So I wonder if Mimamsakas also assimilate benedictive, optative and subjunctive statements under injunctions. In my view these statements all have world-to-word direction of fit, and although they express unrealizable hopes and wishes that could not have directly contributed to the survival of organisms that had them, they are byproducts or spandrels of desire-forming and action-guiding mechanisms that do have a survival value.

        • Thanks again for these thoughts, Boram.
          As for Mīmāṃsā in general, content prevails over form, in the sense that vidhis can be expressed with any mode (indicative included, in cases such as “The ladle is made of parṇa wood”, meaning “Make a ladle of parṇa wood”). For the Prābhākaras, vidhis are just the main form of language and indicative sentences have only value as auxiliaries of them. Your idea of “directions of fit” seems appropriate to depict Maṇḍana’s theory (in the project, we used stit (‘see-to-it-that’) logic so far).
          Thanks for pointing out Ruth Millikan’s work. Would you start with her Language, Thought, and Other Biological Categories?

          • I think Millikan would refer to cases like “The ladle is made of parna wood” as pushmi-pullyu representations. (One of her own examples is, “This meeting is adjourned” said at the end of a meeting.”) These representations have both descriptive and directive content. In her view, such representations predate the bifurcation of content into descriptive and directive, or indicative and injunctive. For example, the honeybee’s figure-8 dance is descriptive and directive at the same time, indicating the location of the nectar and directing other bees to go there.

            For me personally, LTOBC is up there with the Critique of Pure Reason as the most difficult books I’ve read in grad school. You can read the first two chapters on proper functions, and then decide whether to read on. It would be easier to come back to the book after reading her later ones like the Varieties of Meaning or Language: A Biological Model (this last book is a collection of previously published articles, and so is White Queen Psychology and Other Essays, so you can just look at the chapters and pick the chapters/articles you want to read, and with Varieties of Meaning too you can dip in wherever you want. It will be more difficult to do that with LTOBC).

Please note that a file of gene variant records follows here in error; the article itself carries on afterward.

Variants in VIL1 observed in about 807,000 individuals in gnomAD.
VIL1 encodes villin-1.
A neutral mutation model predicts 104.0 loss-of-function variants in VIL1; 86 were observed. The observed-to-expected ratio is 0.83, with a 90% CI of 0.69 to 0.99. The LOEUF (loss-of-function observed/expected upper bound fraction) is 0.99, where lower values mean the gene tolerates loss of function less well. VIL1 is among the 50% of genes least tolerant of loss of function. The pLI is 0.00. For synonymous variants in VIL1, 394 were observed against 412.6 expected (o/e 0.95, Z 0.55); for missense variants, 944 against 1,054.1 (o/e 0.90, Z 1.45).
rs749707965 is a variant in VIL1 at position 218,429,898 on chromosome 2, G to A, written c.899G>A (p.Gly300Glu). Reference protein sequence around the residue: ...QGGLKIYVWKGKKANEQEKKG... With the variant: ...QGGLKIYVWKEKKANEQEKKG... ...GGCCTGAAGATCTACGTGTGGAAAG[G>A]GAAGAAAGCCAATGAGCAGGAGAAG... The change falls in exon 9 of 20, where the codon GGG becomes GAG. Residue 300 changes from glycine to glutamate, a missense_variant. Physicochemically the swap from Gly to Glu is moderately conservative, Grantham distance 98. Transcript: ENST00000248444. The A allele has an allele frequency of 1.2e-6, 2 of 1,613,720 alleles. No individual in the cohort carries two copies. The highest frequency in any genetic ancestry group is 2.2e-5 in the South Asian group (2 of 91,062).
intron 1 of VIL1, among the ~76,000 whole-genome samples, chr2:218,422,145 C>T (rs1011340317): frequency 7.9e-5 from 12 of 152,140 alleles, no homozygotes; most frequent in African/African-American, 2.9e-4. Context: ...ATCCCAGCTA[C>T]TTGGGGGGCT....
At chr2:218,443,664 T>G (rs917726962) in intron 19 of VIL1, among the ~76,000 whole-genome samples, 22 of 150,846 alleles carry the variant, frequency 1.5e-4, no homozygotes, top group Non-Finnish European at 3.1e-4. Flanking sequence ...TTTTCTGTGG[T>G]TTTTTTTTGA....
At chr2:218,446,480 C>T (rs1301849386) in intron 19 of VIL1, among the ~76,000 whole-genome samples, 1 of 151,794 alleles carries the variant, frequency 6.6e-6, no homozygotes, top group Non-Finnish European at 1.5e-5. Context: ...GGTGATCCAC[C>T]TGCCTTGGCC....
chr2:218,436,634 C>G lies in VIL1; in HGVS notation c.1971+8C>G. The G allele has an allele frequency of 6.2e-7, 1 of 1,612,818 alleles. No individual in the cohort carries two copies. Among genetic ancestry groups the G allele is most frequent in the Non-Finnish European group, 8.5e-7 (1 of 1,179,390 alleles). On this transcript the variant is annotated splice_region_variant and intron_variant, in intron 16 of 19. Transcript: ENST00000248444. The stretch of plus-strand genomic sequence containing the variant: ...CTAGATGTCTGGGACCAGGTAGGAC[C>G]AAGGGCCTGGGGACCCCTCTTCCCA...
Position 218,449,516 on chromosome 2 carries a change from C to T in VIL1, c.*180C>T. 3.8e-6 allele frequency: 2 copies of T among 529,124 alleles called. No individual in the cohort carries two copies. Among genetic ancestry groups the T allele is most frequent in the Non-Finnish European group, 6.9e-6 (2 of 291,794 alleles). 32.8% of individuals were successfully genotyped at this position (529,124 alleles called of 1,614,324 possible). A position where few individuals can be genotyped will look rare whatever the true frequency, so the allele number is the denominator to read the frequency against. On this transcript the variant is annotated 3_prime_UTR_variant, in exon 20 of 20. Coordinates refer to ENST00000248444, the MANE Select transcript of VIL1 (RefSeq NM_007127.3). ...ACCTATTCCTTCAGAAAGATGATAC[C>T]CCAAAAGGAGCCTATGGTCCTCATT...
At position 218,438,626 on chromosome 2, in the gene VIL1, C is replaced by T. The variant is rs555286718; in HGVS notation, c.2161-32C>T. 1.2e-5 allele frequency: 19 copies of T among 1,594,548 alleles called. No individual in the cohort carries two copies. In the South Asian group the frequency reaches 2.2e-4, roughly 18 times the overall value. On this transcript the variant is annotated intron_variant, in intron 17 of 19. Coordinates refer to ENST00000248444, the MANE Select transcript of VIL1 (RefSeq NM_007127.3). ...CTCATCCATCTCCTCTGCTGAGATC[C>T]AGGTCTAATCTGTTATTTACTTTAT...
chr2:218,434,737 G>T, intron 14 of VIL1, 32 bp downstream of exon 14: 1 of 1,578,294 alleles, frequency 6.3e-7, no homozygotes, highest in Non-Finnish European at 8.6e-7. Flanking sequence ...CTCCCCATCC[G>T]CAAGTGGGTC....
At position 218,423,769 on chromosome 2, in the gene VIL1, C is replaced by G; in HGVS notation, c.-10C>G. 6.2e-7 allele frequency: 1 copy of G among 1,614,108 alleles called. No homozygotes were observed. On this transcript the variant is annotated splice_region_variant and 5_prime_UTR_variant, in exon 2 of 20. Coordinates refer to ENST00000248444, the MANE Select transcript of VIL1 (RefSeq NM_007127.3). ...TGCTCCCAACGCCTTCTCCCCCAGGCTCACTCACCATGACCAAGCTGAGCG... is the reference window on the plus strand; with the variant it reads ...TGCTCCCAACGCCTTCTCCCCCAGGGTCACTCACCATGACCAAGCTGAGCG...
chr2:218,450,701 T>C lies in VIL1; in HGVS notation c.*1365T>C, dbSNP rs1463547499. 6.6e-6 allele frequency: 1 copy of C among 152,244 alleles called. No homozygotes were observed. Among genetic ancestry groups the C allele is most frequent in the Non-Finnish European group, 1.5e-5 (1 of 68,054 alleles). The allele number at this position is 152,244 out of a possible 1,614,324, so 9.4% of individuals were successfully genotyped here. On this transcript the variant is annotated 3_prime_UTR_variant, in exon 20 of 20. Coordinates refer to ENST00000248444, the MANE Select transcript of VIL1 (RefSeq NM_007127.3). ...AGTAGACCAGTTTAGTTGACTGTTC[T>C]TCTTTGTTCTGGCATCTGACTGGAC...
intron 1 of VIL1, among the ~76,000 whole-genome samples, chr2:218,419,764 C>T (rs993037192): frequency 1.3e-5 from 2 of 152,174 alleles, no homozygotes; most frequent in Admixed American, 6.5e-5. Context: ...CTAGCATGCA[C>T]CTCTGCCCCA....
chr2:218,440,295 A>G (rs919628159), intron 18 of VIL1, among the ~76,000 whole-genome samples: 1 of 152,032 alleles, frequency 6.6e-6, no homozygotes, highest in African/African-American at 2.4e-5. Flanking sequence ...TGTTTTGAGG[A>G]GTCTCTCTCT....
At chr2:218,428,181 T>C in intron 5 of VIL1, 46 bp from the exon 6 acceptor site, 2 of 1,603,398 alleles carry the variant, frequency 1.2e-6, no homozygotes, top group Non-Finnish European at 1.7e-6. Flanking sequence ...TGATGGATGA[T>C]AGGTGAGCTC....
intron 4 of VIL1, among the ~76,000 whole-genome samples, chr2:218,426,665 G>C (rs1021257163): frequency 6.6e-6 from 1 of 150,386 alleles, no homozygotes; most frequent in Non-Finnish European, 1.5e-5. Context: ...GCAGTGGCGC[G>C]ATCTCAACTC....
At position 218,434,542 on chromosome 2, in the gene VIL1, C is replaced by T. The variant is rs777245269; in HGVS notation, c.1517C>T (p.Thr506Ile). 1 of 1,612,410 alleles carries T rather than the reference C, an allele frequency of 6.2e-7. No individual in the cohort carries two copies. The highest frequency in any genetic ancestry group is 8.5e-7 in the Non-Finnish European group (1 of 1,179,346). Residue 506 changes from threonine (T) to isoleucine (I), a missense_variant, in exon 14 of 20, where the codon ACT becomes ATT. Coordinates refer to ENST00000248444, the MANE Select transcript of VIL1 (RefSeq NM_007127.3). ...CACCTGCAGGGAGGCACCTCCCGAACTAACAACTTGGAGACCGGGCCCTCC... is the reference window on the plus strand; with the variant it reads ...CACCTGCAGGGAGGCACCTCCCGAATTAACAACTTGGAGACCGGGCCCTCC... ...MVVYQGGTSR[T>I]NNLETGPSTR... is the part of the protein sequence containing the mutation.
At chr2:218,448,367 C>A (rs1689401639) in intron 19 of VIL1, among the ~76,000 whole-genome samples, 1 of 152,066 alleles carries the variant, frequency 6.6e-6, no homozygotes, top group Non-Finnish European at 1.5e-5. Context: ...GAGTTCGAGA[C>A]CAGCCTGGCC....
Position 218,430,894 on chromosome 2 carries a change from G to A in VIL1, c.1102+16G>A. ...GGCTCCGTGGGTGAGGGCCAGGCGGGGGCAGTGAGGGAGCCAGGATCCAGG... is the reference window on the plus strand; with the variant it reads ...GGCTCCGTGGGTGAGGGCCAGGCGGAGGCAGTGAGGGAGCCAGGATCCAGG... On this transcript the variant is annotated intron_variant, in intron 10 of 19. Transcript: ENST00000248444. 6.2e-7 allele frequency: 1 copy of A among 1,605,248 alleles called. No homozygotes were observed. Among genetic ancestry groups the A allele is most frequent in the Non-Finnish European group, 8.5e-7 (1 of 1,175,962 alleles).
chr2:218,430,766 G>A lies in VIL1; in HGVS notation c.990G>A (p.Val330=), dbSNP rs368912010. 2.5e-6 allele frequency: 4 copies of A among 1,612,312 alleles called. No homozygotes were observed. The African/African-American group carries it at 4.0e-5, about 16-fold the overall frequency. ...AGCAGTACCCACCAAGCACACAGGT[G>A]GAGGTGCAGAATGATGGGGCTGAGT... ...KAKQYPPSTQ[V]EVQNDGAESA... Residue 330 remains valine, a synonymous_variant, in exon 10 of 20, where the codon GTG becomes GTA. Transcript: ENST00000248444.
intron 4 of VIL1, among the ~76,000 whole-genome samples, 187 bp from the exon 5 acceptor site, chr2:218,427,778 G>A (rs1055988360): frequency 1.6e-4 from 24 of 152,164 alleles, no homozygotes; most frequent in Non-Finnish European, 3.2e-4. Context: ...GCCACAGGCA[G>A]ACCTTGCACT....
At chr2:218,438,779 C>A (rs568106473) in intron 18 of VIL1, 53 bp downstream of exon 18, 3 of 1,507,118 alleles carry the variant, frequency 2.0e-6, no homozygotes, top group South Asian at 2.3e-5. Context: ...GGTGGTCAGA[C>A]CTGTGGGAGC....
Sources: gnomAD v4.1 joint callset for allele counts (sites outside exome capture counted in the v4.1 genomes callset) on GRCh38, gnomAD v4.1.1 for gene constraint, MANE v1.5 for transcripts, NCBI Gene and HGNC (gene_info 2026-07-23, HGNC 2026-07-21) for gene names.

2. So there is limited use in importing the syntax / semantics distinction: this Mimamsa is relational, and C.S. Peirce’s way with that (he was of Brahmin extraction) was already misunderstood. Or more specifically, connectionist, working in the relationship of speaker and auditor: and something of that *does carry to Aristotle’s Posterior Analytics, also much misunderstood. I’m here investigating those slender links.
    It’s remarkable how Samkhya lore tracks the Mimamsa development; and there, as it influenced Ayurveda, you find some sixty Yuktis, points of logical clarification, prefacing the Charaka-samhita. And reflecting the kind of logico-linguistic wrangling still ongoing here! That also tracks West, with the art of disputation, to Eristic in the school of Megara, where Plato passed through after the death of Socrates. We may owe the method of Analysis to that pass, as a formal topic.

  3. Thanks for the reference to Millikan’s work and to the “meeting is ajourned” example. A Prābhākara would say (you would guess it) that it is purely prescriptive. A speech-act solution sounds also interesting.